Similarly, Defendant's argument that the Government exceeded the permitted scope of a request for information pursuant to an administrative subpoena based on § 2703(c)(2)*fn4 fails because e-gold is neither a provider of electronic communication service or a remote computing service. The Court has already concluded that Defendant is not a provider of electronic communication service.

The term "remote computing service" is defined by 18 U.S.C. § 2711(2) as the "provision to the public of computer storage or processing services by means of an electronic communications system." The Senate explained the term "remote computing service," as used in the Stored Communications Act:

In the age of rapid computerization, a basic choice has faced the users of computer technology. That is, whether to process data inhouse on the user's own computer or on someone else's equipment. Over the years, remote computer service companies have developed to provide sophisticated and convenient computing services to subscribers and customers from remote facilities. Today businesses of all sizes--hospitals, banks and many others--use remote computing services for computer processing. This processing can be done with the customer or subscriber using the facilities of the remote computing service in essentially a time-sharing arrangement, or it can be accomplished by the service provider on the basis of information supplied by the subscriber or customer. Data is most often transmitted between these services and their customers by means of electronic communications.

S. Rep. No. 99-541, at 10-11 (1986), as reprinted in 1986 U.S.C.C.A.N. 3555, 3564-64.

The Court concludes that e-gold provides neither computer storage nor processing services, as those terms are used in § 2711(2), to the public. Cf. Quon v. Arch Wireless Operating Co., Inc., 445 F. Supp. 2d 1116, 1130-37 (C.D. Cal. 2006) (concluding that wireless communications provider that stored and retrieved text messages for its subscribers was a remote computing service); Orin S. Kerr, A User's Guide to the Stored Communications Act, and a Legislator's Guide to Amending it, 72 Geo. Wash. L. Rev. 1208, 1229-30 (2004) (concluding that eBay is not a remote computing service because "[t]he legislative history indicates that 'processing services' refer to outsourcing functions. . . . This seems quite different from eBay: a user does not outsource tasks to eBay but rather uses eBay as a destination for the user's requests concerning buying and selling items."). A client of e-gold does not outsource tasks, but rather uses e-gold to transfer gold ownership to other users. Neither does an e-gold customer use e-gold to simply store electronic data. Accordingly, the Court also denies Defendant's motion to suppress evidence obtained on the basis of information the Government received from e-gold because the Government did not violate 18 U.S.C. § 2703(a) or § 2703(c)(2).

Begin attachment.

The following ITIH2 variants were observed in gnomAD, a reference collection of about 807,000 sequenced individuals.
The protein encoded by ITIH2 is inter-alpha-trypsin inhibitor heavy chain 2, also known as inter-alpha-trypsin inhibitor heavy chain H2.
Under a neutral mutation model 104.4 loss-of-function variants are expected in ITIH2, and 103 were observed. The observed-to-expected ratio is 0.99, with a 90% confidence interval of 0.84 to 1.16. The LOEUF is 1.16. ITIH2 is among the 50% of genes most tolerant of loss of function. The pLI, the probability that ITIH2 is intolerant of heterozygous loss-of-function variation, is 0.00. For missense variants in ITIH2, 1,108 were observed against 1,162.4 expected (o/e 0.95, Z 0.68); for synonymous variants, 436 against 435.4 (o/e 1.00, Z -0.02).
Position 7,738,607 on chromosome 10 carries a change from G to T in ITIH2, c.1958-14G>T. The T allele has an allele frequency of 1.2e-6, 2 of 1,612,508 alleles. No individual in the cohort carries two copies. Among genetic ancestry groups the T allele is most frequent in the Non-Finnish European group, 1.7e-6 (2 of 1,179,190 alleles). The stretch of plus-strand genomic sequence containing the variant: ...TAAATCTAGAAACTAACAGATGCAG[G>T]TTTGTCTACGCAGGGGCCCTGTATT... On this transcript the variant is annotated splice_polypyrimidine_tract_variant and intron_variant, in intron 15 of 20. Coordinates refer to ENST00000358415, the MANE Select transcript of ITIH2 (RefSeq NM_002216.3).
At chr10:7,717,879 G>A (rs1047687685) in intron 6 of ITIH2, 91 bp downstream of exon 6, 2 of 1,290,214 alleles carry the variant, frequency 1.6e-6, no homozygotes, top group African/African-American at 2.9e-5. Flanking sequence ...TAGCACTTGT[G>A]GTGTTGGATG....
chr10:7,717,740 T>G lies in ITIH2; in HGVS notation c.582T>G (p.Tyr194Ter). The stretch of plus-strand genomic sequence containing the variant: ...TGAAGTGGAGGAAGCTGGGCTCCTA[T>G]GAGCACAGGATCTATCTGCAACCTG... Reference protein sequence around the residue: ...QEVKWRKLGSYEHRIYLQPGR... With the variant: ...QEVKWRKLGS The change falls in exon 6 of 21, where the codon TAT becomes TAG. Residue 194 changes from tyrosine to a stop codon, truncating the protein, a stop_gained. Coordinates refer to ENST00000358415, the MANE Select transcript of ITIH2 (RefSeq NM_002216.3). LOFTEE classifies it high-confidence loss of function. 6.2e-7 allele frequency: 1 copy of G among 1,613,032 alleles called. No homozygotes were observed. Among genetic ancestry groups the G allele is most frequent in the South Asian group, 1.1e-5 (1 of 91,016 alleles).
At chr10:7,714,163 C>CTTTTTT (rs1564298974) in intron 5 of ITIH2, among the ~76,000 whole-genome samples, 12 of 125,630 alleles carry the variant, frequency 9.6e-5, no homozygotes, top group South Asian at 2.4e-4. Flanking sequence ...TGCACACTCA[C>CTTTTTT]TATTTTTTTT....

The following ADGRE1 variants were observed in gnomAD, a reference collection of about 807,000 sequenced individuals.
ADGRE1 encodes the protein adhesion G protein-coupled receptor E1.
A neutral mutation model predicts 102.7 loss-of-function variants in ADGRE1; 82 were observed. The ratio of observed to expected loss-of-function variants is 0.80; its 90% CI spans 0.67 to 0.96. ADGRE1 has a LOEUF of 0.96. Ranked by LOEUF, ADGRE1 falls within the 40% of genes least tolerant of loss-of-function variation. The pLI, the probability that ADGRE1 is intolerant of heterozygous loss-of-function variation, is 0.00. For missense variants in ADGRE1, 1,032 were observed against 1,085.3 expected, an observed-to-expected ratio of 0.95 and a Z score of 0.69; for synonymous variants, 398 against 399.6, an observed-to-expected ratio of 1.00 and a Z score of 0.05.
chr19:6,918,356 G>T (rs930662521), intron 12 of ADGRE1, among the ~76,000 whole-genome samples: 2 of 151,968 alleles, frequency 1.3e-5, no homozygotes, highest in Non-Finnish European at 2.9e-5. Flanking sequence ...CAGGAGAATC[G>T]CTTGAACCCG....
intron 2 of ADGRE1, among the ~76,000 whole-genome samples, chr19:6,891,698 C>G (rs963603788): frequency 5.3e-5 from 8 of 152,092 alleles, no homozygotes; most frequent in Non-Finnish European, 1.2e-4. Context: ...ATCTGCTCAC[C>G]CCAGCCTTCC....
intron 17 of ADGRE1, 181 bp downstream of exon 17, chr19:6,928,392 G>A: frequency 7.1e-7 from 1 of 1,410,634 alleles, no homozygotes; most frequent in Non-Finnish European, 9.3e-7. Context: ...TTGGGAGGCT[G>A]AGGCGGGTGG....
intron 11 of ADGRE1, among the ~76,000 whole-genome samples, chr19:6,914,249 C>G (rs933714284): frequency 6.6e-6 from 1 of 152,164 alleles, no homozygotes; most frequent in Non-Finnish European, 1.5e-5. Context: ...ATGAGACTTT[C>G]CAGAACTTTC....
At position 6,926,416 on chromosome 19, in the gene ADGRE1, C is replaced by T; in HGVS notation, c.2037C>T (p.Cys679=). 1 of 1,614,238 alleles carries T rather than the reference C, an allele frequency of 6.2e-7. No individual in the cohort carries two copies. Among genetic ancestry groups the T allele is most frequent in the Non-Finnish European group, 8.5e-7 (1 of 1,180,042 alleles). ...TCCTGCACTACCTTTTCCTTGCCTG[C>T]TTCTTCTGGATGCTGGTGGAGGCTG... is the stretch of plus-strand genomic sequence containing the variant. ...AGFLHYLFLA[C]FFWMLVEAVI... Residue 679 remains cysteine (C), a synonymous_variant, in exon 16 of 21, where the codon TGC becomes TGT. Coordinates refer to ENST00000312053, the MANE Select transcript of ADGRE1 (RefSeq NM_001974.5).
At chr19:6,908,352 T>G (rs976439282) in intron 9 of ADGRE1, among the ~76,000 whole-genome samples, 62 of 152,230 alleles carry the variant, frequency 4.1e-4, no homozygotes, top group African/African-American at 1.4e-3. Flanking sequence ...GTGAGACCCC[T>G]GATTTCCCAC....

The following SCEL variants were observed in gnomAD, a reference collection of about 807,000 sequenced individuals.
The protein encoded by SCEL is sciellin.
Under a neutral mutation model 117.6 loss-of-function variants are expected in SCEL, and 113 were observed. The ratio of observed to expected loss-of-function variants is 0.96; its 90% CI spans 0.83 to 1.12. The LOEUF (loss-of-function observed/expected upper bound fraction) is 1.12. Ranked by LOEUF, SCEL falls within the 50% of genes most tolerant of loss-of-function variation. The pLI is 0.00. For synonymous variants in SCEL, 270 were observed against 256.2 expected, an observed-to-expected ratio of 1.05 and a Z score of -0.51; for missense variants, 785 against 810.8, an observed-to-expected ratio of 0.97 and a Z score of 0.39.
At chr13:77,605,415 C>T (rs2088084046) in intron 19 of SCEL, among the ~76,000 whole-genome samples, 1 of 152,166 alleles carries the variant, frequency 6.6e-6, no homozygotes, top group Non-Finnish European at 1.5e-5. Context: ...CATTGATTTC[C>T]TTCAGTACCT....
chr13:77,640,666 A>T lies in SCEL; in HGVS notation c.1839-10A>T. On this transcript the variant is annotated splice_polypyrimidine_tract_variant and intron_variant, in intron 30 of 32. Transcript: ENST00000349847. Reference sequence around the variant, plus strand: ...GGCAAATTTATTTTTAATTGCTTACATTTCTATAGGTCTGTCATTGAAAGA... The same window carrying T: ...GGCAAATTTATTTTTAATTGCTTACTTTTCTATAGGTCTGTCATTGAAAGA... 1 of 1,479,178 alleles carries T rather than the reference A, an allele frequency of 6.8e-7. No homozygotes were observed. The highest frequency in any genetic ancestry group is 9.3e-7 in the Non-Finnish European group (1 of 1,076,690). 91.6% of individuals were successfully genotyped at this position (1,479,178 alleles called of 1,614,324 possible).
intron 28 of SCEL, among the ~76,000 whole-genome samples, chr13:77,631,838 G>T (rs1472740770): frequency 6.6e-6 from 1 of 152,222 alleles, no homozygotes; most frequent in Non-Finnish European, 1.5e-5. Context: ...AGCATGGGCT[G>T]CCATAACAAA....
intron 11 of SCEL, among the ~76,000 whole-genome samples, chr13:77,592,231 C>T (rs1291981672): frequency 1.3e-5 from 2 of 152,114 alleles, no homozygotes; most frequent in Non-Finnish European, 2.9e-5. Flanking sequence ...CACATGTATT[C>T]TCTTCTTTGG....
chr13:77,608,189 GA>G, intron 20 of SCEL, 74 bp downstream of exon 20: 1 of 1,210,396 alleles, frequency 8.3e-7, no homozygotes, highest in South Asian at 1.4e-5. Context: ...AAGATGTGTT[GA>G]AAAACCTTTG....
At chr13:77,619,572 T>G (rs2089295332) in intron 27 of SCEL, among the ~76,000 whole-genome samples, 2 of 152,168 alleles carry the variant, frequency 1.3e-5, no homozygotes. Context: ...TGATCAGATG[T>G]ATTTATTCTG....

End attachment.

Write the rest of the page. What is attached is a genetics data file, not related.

III. Probable Cause

Defendant argues that even if the information the Government obtained from e-gold was not illegally obtained, the evidence collected from Defendant's home should be suppressed because the issued warrant lacked probable cause. "[P]robable cause means a 'fair probability' that contraband or evidence is located in a particular place." United States v. Kelley, 482 F.3d 1047, 1050 (9th Cir. 2007). Whether there is a fair probability to search a computer for evidence of child pornography depends upon the totality of the circumstances, including reasonable inferences, and is a commonsense, practical question. See id. at 1048, 1050. "Neither certainty nor a preponderance of the evidence is required." Id. at 1050.

A magistrate judge's determination that probable cause exists should be paid great deference. See United States v. Gourde, 440 F.3d 1065, 1069 (9th Cir. 2006). "This deferential approach is the antithesis of a 'grudging or negative attitude' toward search warrants and 'a hypertechnical rather than a commonsense' analysis." Id.

The Court concludes that SA Johnson's affidavit raised a fair probability that evidence was located at Defendant's house demonstrating violations of 18 U.S.C. § 2252. Among the evidence considered by the Court is that the three IP addresses associated with payments to e-gold accounts linked to child pornography websites were from a computer located at Defendant's address and the websites to which subscriptions were purchased have names associated with child pornography. Defendant's argument that there was no evidence cited that any images were actually downloaded from these sites, and that the affidavit relied on an assumption that all imagery from these websites, including any imagery downloaded, was pornographic, is simply an impermissible attempt to elevate the probable cause to a test of near certainty. See Gourde, 440 F. 3d at 1072-73. Accordingly, the Court denies Defendant's motion to suppress the evidence taken from his home based on a lack of probable cause.

Conclusion

For the reasons discussed, the Court DENIES Defendant's motion to suppress evidence seized from his home.

IT IS SO ORDERED.